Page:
Vote of no confidence: What is the 1922 Committee and how likely is Boris Johnson to face a vote?

After ongoing controversy about parties and events held at Downing Street and in Government buildings, it has been revealed that the Prime Minister and Rishi Sunak will pay fines for their part in the illegal lockdown parties.

Mr Johnson has insisted that “nobody told me that what we were doing was against the rules” and he believed he was attending a work event. But how likely is a vote of no confidence in the Prime Minister and how does the process work? Here’s what you need to know.

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Read more: How many parties at Downing Street and who attended?

British Prime Minister Boris Johnson “categorically” rejected claims by his former chief aide, Dominic Cummings, that he lied to parliament last week about a Downing Street party held during a strict lockdown. Photo by Ian Vogler/POOL/AFP via Getty Images.

What is the 1922 Committee?

The 1922 Committee got its name from a meeting of Conservative lawmakers that took place 100 years ago, in 1922.

Their actions saw the end of the coalition government at the time and the group has gone on to play a decisive role in Tory leadership since then, including sparking the resignation of Margaret Thatcher.

Today, the 1922 Committee is used to refer to a line of communication between Conservative leadership and rank-and-file MPs.

All eyes are on No. 10 as the row over Downing Street parties during lockdown continues to make waves. Photo: Rob Pinney/Getty Images.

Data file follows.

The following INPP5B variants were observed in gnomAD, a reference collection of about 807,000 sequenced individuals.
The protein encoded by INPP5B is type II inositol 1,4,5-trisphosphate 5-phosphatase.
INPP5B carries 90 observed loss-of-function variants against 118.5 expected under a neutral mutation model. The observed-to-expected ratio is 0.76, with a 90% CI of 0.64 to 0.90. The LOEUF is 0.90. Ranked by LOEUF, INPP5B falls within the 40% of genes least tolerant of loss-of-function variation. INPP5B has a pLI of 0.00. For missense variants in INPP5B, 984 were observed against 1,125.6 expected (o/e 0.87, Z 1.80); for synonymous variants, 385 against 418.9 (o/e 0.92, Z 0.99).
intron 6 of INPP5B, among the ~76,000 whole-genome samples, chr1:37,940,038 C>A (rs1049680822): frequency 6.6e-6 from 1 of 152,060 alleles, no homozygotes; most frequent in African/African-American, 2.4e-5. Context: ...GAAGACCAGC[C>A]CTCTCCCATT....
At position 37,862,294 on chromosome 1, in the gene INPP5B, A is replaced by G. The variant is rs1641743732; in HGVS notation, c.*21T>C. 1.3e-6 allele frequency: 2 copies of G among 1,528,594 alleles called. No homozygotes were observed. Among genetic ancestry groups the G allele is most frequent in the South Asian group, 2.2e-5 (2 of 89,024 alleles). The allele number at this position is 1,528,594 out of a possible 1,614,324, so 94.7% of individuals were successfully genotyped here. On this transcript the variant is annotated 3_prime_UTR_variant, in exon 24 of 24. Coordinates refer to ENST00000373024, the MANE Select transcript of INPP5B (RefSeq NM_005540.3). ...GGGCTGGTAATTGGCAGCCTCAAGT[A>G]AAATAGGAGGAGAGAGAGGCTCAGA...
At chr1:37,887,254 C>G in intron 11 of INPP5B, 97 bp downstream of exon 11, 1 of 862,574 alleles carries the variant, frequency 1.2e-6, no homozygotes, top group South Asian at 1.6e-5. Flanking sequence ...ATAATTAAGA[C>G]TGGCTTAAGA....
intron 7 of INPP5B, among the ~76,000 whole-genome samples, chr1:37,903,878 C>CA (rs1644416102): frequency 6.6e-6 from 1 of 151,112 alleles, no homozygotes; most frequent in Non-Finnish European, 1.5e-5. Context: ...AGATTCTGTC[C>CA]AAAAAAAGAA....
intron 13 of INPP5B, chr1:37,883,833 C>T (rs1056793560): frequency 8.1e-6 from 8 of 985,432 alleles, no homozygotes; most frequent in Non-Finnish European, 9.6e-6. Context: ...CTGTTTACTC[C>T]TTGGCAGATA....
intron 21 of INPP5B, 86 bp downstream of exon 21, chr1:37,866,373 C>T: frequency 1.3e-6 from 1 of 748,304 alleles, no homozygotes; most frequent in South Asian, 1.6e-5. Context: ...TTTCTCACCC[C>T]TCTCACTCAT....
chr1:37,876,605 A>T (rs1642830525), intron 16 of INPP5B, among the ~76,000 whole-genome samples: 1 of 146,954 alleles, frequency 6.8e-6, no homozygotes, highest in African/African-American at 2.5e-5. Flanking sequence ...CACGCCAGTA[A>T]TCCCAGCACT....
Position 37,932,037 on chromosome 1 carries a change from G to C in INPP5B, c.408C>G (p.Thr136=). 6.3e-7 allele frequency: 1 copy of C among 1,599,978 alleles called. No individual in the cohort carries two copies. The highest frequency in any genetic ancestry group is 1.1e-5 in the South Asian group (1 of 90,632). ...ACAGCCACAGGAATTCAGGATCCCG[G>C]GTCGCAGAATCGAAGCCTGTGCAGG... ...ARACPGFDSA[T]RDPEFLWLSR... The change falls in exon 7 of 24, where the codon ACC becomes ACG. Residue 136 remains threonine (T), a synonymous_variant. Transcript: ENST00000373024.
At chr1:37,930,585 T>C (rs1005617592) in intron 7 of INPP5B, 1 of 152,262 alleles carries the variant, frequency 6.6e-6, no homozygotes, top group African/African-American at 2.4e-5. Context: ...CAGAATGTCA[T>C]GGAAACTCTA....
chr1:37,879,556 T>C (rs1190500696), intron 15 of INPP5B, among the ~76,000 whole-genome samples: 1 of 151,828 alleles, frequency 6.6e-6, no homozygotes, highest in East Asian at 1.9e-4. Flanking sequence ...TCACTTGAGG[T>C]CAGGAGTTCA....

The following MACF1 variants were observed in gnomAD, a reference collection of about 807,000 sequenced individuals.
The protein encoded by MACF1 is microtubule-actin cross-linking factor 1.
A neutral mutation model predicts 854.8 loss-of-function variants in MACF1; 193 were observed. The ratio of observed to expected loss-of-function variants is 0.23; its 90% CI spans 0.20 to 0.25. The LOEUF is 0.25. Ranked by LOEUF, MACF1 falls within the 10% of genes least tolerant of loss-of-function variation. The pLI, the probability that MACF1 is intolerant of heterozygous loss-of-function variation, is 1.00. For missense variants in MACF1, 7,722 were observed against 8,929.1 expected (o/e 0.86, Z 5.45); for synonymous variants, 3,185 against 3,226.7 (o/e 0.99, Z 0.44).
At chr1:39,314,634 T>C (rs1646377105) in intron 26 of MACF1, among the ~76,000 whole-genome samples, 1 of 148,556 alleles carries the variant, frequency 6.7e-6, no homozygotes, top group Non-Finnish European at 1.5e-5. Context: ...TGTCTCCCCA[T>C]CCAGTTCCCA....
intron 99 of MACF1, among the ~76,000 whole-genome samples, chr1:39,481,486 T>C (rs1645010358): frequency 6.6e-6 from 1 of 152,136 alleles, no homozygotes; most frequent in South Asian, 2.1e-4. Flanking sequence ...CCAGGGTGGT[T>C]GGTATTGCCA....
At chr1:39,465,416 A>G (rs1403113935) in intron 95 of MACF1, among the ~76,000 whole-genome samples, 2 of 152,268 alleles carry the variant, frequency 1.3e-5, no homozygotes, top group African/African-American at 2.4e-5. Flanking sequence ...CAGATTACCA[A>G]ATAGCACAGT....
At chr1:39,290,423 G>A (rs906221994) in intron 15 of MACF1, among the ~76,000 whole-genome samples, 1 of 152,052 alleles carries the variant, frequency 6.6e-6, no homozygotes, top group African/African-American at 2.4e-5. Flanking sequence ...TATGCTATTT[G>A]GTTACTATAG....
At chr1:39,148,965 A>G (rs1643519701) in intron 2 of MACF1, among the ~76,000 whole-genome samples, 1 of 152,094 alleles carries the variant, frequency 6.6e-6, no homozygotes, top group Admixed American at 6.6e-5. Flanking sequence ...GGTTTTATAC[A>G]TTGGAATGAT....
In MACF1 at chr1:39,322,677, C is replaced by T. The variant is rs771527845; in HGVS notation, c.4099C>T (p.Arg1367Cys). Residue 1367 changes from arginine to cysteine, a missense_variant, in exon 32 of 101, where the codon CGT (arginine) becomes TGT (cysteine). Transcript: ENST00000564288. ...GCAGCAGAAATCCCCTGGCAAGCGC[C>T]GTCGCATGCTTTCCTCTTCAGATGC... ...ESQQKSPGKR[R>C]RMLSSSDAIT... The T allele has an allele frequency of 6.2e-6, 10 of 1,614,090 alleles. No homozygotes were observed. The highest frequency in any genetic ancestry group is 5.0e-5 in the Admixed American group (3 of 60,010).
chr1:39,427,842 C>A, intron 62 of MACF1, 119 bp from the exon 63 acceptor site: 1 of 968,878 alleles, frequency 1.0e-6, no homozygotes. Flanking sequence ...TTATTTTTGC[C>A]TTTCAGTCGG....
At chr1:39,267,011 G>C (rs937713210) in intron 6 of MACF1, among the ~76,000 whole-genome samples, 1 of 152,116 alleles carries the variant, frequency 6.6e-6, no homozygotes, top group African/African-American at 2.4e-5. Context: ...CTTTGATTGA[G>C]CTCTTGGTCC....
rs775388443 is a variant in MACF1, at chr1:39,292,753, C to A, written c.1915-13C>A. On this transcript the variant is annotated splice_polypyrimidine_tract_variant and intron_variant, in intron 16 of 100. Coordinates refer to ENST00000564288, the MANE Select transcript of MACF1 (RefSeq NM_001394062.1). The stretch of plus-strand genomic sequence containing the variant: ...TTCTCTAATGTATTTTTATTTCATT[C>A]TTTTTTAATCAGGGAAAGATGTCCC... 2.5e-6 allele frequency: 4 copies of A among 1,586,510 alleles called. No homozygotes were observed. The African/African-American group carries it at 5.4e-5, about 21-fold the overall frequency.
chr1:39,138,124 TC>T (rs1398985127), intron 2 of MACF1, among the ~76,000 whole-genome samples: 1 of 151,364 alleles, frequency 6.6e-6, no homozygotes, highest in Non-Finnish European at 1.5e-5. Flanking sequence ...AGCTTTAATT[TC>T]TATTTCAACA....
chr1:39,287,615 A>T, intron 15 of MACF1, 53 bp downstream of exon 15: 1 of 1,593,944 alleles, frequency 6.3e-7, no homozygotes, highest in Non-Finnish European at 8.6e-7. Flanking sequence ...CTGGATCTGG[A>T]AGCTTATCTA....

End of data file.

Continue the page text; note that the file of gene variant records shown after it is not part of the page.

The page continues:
MPs may write letters to the Chairman to state that they believe a change in party leadership is needed, known as letters of no confidence.

If 54 letters reach the Chairman, then they must call a vote of no confidence.

If such a vote were held and the Prime Minister lost, they would then have 12 months of immunity from future no confidence letters.

If they lose, a leadership contest would begin with the previous Prime Minister unable to run.

Who is Sir Graham Brady?

Sir Graham Brady is the current Chairman of the 1922 Committee and therefore only he knows how many letters have been received for sure.

However, some MPs do choose to go public, with seven calling for Mr Johnson’s resignation on Monday January 17th and a further 12 letters confirmed on Wednesday January 19th.

On April 12th 2022, it was announced by the Metropolitan Police that both Mr Johnson and Chancellor Rishi Sunak will pay fines following a Met investigation into the Partygate scandal.

In January 2022, reports have suggested the threshold of 54 letters from MPs that would launch a no-confidence vote in the Prime Minister could be reached on Wednesday.

There is also another way that Boris Johnson could be removed from office, which was already begun by the Liberal Democrats on Thursday January 13th.

A motion of no confidence has been laid down by the Liberal Democrats, which is a way of testing whether the Prime Minister and their Cabinet still has the support of the House of Commons.

It has the power to trigger a general election and could see a new prime minister appointed. Under rules in place since 2011, if the Government loses, it has 14 days to try to win back the confidence of MPs through another vote.

At the same time, opposition parties can try to form their own alternative government. After a fortnight, if no resolution is found, an election is automatically called.

However, few early day motions such as this have ever gone to a vote and this one is unlikely to be any different, with only 18 MPs backing it. Mr Johnson’s greatest threat is likely therefore from his own Tory MPs.

Additional reporting done by PA.

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George Holan

George Holan is chief editor at Plainsmen Post and has articles published in many notable publications in the last decade.

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